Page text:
• I’ve had more coffee and I’m feeling better now. What I meant was ~$1.45/EUR around the New Year, declining to $1.2/EUR by June – with a lag of 3-6 months, you might expect the measured improvement in the Eurozone economy due to currency effects to show up some time around the second quarter and peak by the end of Q3. The recent strengthening of the EUR to $1.3/EUR (if it continues – more likely if the Fed eases soon) might therefore challenge this Eurozone recovery by Q4 2010 and the whole process could start again – Eurozone debt crisis round 2?

  4. Hi

    QE to me is all about protecting the assets of the richest (and yes the banks) if it was about creating demand it would be putting money into the pockets of ordinary folk. This and shielding the previous Govt’s financial incompetance I might add!

    I rue the day Northern Rock was bailed out, if it had been allowed to fail as per any other company (albeit with the incumbant pain) there is no way RBS/HBOS, etc would have carried on as they did.

    As I’ve daid before I have had discussions(!) with banking colleagues of mine who cannot see that they are no different to an employee of Woolies or any other company. They preach market forces, survival of the fittest, etc but not for themselves.

  5. I have just been reading that world bond investors are currently exposed to $91trillions of domestic and international debt. Governments in need of deficit funding and large corporates seeking to avoid bank funding are increasingly tapping security investors for credit. You have pointed to real negative returns being earned. On the one hand its a positive step to give large corporates an alternative to banks. My worry is that there could be huge volatility at the point where these positions unwind as interest rates increase or economic growth improves. Isnt this storing up another large negative feedback loop to the real economy?

    • Hi shireblogger
      The numbers are rather extraordinary aren’t they? One side of this is the way that some of the bond funds such as Pimco feel that they can give policy advice to governments. It is not clear to me that this is entirely healthy but if you project forward they are likely to become more important rather than less. I hope that corporates use the money that they can raise from bond markets but questions remain. If it is part of “the reallocation of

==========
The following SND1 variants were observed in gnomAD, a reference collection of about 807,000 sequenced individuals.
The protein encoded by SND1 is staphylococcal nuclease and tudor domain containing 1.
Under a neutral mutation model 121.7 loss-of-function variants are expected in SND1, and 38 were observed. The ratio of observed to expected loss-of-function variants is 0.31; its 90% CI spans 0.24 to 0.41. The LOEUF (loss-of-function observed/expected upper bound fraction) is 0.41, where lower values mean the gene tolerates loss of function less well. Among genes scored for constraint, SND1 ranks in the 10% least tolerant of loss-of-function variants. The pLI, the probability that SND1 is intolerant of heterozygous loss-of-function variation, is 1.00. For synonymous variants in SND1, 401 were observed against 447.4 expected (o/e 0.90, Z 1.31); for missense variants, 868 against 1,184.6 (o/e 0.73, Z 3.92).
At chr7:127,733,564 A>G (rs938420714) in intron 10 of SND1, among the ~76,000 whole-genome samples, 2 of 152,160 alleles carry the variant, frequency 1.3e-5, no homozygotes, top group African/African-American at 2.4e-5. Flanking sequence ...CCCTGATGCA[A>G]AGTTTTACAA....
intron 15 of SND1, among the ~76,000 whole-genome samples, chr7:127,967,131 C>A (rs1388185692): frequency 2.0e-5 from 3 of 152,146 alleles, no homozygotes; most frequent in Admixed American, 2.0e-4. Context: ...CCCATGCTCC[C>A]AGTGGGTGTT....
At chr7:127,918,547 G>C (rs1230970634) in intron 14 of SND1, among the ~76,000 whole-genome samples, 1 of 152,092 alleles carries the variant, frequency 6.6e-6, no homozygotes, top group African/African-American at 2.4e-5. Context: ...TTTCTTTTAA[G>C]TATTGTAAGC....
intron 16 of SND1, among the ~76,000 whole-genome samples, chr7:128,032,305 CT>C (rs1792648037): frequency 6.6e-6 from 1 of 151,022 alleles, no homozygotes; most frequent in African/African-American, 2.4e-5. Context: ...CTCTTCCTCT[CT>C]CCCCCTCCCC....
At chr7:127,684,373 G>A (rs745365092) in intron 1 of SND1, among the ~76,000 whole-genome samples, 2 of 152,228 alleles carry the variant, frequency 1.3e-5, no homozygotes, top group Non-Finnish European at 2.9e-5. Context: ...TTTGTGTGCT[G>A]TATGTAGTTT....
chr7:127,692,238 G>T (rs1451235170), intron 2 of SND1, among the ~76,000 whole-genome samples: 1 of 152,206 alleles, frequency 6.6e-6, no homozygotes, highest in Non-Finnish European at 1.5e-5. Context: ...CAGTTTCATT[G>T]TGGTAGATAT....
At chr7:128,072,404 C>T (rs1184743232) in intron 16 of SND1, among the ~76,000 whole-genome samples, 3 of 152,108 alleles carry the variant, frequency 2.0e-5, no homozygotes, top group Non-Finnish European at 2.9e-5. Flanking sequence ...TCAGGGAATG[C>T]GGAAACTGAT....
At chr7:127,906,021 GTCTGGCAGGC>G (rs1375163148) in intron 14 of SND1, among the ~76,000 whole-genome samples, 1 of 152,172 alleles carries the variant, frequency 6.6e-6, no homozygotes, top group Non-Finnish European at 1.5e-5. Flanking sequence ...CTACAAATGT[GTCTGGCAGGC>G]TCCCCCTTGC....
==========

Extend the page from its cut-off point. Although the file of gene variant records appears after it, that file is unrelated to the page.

resources away from the most productive firms” that you quoted from yesterday then we have again learnt little from Japan’s experience. Some may be raising the money simply because they can and are worried about a future where they may not be able too. So we may be seeing a type of disintermediation to use a word which hasnt been used for a while.
      As to negative real interest rates they appear to run a long way along the maturity spectrum now as we see low after low in government bond yields. I am one of those who feel that the Zero interest rate policy or ZIRP at the short end has made many types of monetary policy unproductive (and I have been thinking of some new articles on this subject) but I am also concerned by the headlong dash for lower longer-term rates as older models and principle may not apply. In some ways we simply do not know what we are storing up yet we are going ahead full steam…

      • I very much agree with your concerns. The role and power of the Gilt Gilt Gilt Edged Market Makers cannot be overlooked either. I have been reading about the use of syndication which has very very lucrative and succesful for the DMO and GEMMs. Interestingly,some experts say, of $38.9bn UK syndicated bonds issued this year, only 5% of those deals are with foreign investors.Pension funds and core domestic investors have been brought to these syndicated bonds very succesfully.